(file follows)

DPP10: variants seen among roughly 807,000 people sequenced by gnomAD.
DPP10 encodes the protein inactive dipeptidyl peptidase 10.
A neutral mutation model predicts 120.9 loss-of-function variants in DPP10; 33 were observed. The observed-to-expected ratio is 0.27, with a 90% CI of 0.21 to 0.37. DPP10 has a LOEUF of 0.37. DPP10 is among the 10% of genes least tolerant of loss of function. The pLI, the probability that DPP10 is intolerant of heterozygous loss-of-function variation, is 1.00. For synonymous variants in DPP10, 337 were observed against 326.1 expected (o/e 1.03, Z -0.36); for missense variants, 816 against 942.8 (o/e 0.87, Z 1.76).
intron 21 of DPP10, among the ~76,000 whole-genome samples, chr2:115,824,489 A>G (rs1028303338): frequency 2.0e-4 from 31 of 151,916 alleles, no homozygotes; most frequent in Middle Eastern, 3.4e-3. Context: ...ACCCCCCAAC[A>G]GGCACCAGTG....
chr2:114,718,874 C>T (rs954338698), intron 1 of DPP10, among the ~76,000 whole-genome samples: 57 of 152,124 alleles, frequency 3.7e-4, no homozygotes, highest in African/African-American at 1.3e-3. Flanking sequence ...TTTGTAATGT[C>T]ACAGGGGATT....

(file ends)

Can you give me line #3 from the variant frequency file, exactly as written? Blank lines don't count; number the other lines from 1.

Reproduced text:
A neutral mutation model predicts 120.9 loss-of-function variants in DPP10; 33 were observed. The observed-to-expected ratio is 0.27, with a 90% CI of 0.21 to 0.37. DPP10 has a LOEUF of 0.37. DPP10 is among the 10% of genes least tolerant of loss of function. The pLI, the probability that DPP10 is intolerant of heterozygous loss-of-function variation, is 1.00. For synonymous variants in DPP10, 337 were observed against 326.1 expected (o/e 1.03, Z -0.36); for missense variants, 816 against 942.8 (o/e 0.87, Z 1.76).